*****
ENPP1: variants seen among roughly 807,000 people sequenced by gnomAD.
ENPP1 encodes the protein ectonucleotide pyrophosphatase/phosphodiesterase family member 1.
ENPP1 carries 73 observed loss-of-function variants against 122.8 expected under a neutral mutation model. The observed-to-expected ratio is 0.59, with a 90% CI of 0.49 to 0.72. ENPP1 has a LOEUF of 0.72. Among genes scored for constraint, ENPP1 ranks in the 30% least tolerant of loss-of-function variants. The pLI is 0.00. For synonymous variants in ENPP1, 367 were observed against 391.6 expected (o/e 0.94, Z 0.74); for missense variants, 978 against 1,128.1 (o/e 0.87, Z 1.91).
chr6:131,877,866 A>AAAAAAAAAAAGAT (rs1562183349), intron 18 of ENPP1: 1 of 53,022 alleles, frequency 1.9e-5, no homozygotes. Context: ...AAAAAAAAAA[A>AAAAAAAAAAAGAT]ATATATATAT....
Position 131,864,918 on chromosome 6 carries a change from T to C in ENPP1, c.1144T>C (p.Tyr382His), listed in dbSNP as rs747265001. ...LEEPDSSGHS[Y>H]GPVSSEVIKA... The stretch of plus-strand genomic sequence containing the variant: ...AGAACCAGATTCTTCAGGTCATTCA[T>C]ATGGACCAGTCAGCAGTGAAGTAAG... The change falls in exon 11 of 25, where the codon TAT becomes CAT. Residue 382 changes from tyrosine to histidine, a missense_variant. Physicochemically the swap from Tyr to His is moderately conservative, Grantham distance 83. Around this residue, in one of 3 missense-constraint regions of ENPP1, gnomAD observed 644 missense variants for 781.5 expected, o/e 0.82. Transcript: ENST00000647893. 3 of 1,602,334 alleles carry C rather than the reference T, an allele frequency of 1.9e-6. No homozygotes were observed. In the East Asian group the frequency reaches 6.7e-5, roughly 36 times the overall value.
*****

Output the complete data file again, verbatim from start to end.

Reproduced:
ENPP1: variants seen among roughly 807,000 people sequenced by gnomAD.
ENPP1 encodes the protein ectonucleotide pyrophosphatase/phosphodiesterase family member 1.
ENPP1 carries 73 observed loss-of-function variants against 122.8 expected under a neutral mutation model. The observed-to-expected ratio is 0.59, with a 90% CI of 0.49 to 0.72. ENPP1 has a LOEUF of 0.72. Among genes scored for constraint, ENPP1 ranks in the 30% least tolerant of loss-of-function variants. The pLI is 0.00. For synonymous variants in ENPP1, 367 were observed against 391.6 expected (o/e 0.94, Z 0.74); for missense variants, 978 against 1,128.1 (o/e 0.87, Z 1.91).
chr6:131,877,866 A>AAAAAAAAAAAGAT (rs1562183349), intron 18 of ENPP1: 1 of 53,022 alleles, frequency 1.9e-5, no homozygotes. Context: ...AAAAAAAAAA[A>AAAAAAAAAAAGAT]ATATATATAT....
Position 131,864,918 on chromosome 6 carries a change from T to C in ENPP1, c.1144T>C (p.Tyr382His), listed in dbSNP as rs747265001. ...LEEPDSSGHS[Y>H]GPVSSEVIKA... The stretch of plus-strand genomic sequence containing the variant: ...AGAACCAGATTCTTCAGGTCATTCA[T>C]ATGGACCAGTCAGCAGTGAAGTAAG... The change falls in exon 11 of 25, where the codon TAT becomes CAT. Residue 382 changes from tyrosine to histidine, a missense_variant. Physicochemically the swap from Tyr to His is moderately conservative, Grantham distance 83. Around this residue, in one of 3 missense-constraint regions of ENPP1, gnomAD observed 644 missense variants for 781.5 expected, o/e 0.82. Transcript: ENST00000647893. 3 of 1,602,334 alleles carry C rather than the reference T, an allele frequency of 1.9e-6. No homozygotes were observed. In the East Asian group the frequency reaches 6.7e-5, roughly 36 times the overall value.